The industrialisation of aged care in Australia

From the beginning, Anna could clearly see issues with professional service systems available to older people in Australia. And the more she explored this and talked to people about it, the more challenges became apparent to her.

Professional service systems in Australia (and most of the Western world) are ultimately very transactional models of care. Often, this can look like support people coming in and out, with different people turning up on the door every other day. Many will have a tightly bound plan for the support they’re able to offer, which often prioritises clinical and physical care to the exclusion of broader social and emotional support. 

Anna adds “I will acknowledge that this is inherently a white, Western issue. Most indigenous and many multicultural communities are still really great at centering, valuing and caring for their elders. But the dominant white culture in Australia subscribes to an industrial and commercialised model of care”.

This industrialised approach is very flawed, and exacerbates the challenges being experienced by older people.

Ageism and the undervaluation of older people

Over the years of Lively’s development, Anna realised more and more that “the challenges in the ‘aged care industry’ were just the tip of the iceberg. In the past century we have seen the fragmentation of community and family structures. And it’s these that have traditionally ensured older people were supported and stayed connected”.

Anna also saw how changing times had perpetuated a widespread attitude of ageism. So for Lively’s development, themes surrounding ageism felt like something that needed to be addressed. She shares “I think what I became more and more conscious of is that underpinning all of the challenges was a culture that undervalues older people”.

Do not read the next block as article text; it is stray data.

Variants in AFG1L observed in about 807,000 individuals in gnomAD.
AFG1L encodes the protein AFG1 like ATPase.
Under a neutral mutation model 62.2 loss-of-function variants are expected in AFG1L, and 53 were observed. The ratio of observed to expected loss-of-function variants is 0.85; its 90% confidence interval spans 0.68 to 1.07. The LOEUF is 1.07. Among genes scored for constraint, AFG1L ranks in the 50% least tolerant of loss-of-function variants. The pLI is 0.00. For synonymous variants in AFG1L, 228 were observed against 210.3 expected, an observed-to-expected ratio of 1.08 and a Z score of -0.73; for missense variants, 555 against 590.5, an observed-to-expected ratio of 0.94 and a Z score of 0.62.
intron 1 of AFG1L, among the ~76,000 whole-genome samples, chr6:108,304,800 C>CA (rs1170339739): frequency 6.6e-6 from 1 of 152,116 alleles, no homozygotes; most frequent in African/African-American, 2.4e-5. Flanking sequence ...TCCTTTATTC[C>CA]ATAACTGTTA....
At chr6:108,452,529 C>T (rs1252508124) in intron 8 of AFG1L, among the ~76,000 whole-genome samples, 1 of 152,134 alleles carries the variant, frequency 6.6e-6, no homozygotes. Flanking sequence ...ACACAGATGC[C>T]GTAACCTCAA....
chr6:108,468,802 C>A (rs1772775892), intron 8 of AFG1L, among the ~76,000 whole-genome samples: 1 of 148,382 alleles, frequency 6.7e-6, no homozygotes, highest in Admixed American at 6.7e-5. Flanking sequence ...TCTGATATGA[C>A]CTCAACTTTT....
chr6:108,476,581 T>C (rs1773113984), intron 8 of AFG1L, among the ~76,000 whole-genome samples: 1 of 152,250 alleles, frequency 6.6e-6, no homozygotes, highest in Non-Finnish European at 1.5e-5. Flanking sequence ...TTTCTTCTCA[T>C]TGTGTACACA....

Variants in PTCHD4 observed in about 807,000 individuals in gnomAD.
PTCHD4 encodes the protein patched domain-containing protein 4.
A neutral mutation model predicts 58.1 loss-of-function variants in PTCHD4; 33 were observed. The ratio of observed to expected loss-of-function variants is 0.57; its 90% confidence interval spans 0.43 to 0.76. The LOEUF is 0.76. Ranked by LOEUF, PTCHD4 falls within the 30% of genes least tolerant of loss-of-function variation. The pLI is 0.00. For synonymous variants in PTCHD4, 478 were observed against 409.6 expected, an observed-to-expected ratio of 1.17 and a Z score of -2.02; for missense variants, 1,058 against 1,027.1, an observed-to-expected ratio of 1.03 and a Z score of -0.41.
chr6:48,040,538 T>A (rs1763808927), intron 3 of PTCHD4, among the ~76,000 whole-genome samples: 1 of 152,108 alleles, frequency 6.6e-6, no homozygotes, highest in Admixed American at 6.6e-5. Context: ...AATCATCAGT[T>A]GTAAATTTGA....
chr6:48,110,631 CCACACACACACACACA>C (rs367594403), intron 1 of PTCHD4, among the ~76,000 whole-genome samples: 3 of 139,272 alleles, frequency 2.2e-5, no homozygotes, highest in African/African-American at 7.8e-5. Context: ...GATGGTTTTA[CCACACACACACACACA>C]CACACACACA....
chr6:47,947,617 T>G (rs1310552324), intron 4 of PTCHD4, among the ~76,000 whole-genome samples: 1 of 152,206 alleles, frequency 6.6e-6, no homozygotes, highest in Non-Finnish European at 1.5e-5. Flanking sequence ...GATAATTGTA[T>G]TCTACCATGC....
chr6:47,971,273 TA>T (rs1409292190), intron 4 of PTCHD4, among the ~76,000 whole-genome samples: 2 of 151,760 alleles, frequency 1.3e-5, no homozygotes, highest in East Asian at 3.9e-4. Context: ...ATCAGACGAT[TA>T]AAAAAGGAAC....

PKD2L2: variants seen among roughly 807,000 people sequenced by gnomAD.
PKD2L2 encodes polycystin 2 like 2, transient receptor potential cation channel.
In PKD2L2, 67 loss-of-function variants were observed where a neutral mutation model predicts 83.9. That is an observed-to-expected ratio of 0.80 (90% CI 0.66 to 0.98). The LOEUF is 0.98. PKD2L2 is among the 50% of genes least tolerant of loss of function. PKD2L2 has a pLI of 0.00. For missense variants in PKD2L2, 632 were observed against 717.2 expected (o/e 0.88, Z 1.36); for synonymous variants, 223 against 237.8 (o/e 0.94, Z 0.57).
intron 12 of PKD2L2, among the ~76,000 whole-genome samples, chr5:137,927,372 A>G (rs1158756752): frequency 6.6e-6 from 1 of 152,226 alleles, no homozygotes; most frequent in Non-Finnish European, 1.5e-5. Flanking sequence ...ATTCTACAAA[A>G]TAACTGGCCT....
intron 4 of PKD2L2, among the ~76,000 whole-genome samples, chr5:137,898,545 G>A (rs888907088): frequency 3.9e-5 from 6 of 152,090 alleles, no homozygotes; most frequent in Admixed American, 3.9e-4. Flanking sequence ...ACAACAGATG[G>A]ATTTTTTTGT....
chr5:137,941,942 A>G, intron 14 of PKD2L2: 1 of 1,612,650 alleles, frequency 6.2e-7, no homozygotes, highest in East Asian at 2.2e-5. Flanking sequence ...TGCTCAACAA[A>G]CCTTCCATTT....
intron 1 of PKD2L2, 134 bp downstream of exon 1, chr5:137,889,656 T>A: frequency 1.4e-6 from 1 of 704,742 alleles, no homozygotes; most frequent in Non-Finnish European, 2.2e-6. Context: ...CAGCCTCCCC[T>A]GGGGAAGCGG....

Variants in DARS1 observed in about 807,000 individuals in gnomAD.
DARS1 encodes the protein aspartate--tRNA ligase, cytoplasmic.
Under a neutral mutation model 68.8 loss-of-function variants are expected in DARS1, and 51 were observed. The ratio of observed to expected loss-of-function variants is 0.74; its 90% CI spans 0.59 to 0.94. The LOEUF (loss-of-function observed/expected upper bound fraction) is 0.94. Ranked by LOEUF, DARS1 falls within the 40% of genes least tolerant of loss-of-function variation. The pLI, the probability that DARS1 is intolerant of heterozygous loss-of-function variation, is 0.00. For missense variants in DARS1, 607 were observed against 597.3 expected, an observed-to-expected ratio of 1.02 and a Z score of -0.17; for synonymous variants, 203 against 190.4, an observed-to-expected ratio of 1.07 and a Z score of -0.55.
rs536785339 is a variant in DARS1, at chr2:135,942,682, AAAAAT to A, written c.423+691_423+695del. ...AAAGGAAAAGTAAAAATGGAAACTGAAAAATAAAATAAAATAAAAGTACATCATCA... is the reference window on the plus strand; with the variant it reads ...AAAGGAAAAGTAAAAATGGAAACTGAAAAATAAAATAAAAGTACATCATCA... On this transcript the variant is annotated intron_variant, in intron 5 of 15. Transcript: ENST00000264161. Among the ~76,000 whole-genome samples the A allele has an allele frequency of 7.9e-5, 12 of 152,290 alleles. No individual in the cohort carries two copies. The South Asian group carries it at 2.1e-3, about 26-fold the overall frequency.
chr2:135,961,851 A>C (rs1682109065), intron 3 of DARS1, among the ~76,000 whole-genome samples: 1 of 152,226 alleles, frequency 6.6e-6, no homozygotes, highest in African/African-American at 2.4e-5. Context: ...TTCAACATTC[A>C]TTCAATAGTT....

Lively’s codesign approach has meant asking older people what it is they want, every step of the way. The result is a support service that is mutually respectful, with ‘two-way mentoring’ between young and old. Through fostering meaningful intergenerational relationships, Lively also aims to change young people’s attitudes towards older people, so that they go forward in life with heightened awareness and respect for older people, and contribute to cultural change. 

Cultural & generational changes to care frameworks

The two aspects of fragmented familial relationships and the industrialised ‘aged care sector’ are key contributors to social isolation. And they’re both interconnected with this deeper issue of older people being fundamentally undervalued.

It was frustrating for Anna to have her eyes opened to all of this. But it motivated her to build Lively as the antithesis to this westernised care and service model.

Anna sees reinstating intergenerational relationships into Australia’s social structure as integral to dismantling ageism. Her hope is that by connecting young people with older people now, we will see a different future unfold. Where a generation of Australians are equipped with the empathy and experience to empower people as they grow older.

Lively’s intergenerational approach is designed to plant seeds for the future, and to ensure important knowledge can be handed down to younger generations.

What’s next for Anna and Lively?